Objectives & Strategy
When preparing your proposal, you should proceed as follows:
Economic and political developments in Europe have resulted in greater prosperity, increased life expectancy and better working conditions. These improvements have, however, been accompanied by challenges, such as higher health-care costs, an ageing population, environmental degradation and heightened ethical concerns. A gap has become increasingly evident between the availability of natural resources and human activities. Paradoxically, this has occurred just as there is an "explosion" in the knowledge base concerning the structure and function of all living things, pointing towards new developments in, for example, health-care, pharmaceuticals, agriculture and food.
This programme aims to unlock the resources of the living world and improve the quality of life. To achieve this, the links between discovery, production and end-use must be consolidated. The needs of society and the requirements of the consumer are paramount and research must lead to quantifiable future wealth and job creation, while respecting the principles of sustainable development.
The strategy of this programme is to focus on specific areas where the growing knowledge base should provide solutions to some of the pressing needs of society that need to be tackled on a European scale. Fundamental ethical values must be respected.
Based on the criteria laid down for selecting the major research themes for the Fifth Framework Programme, emphasis in this programme will be placed on the following:
European added value
. This will be achieved by addressing specific cross-border challenges, such as improving health and managing and exploiting renewable natural resources. Themes such as drug abuse, biosafety, bioethics and issues related to agriculture, forestry and fisheries should reinforce the scientific base in support of Community policies. Indeed many of the activities addressed in the programme, such as genomic research, neurosciences, infectious diseases, ageing and disabilities sustainable management and utilisation of forestry resources, fish management and human, animal and plant diseases, due to their size and complexity, are more meaningful if they are addressed at the European level.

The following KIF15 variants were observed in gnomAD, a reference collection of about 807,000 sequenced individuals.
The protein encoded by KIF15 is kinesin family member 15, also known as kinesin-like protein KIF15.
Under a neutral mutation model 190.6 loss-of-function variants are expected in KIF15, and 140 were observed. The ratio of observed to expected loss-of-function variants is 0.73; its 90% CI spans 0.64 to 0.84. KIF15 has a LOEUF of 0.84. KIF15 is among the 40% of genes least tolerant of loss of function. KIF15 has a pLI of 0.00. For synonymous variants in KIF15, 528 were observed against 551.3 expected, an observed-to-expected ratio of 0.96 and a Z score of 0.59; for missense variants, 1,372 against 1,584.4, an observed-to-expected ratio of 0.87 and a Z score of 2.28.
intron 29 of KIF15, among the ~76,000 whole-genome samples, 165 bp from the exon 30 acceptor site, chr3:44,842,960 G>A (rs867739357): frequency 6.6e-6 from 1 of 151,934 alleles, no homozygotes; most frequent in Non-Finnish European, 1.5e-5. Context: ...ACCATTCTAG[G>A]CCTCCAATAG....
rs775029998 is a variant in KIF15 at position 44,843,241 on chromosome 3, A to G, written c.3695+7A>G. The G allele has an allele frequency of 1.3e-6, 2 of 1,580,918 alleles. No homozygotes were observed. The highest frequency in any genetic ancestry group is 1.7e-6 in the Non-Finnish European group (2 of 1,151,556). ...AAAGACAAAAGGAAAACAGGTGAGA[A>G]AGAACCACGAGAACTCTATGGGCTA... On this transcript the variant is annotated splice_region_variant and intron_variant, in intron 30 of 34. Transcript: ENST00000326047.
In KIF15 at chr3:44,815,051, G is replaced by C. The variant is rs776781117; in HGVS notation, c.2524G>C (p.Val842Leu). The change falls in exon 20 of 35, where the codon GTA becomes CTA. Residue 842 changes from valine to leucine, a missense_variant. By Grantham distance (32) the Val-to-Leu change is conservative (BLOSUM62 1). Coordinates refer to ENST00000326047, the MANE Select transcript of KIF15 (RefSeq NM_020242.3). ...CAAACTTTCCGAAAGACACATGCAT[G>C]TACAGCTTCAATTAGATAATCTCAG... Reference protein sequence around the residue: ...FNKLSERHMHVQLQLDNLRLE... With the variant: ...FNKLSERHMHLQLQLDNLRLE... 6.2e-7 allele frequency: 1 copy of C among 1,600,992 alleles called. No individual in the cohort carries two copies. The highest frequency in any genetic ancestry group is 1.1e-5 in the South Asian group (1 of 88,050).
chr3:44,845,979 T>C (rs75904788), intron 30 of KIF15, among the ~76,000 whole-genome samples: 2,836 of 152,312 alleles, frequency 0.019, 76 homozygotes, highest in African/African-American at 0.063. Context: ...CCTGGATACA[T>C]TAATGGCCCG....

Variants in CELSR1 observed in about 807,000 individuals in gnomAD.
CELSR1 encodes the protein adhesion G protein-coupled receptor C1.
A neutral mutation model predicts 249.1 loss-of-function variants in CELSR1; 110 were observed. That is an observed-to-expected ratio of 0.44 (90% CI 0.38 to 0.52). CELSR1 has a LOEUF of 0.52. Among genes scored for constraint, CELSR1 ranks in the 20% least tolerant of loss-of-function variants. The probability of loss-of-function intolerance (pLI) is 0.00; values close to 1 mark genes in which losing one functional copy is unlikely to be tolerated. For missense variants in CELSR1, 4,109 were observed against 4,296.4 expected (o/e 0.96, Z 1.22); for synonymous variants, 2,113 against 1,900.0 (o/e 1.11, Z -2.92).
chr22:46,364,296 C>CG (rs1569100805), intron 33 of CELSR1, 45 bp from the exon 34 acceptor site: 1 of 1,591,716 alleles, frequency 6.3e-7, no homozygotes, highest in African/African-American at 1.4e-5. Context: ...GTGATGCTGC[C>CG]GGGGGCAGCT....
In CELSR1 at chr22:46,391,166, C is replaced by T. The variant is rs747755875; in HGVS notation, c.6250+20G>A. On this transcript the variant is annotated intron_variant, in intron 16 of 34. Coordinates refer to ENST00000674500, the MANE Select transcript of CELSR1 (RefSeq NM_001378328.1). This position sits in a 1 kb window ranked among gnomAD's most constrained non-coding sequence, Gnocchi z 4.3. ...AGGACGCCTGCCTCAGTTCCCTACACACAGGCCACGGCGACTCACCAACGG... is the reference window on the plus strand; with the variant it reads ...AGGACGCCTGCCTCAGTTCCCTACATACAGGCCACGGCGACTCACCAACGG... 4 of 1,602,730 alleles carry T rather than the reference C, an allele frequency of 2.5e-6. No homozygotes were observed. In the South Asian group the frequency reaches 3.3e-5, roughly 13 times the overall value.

. Research must be developed which promotes health and quality of life, secures safe and wholesome food, preserves and restores a healthy environment, stimulates rural and coastal communities, improves response to consumer needs and facilitates information flow to the consumer.
. The huge potential for economic growth and job creation must be realised, both in the traditional industries, including primary production and in the rapidly growing high technology industries dominated by small and medium-size enterprises (SMEs). To contribute effectively to European competitiveness and employment, results must be transferred from research into commercially successful products and processes. Intrinsic to this approach is the effective use of demonstration, training, dissemination and exploitation of research results, along with stimulation of innovation and entrepreneurship.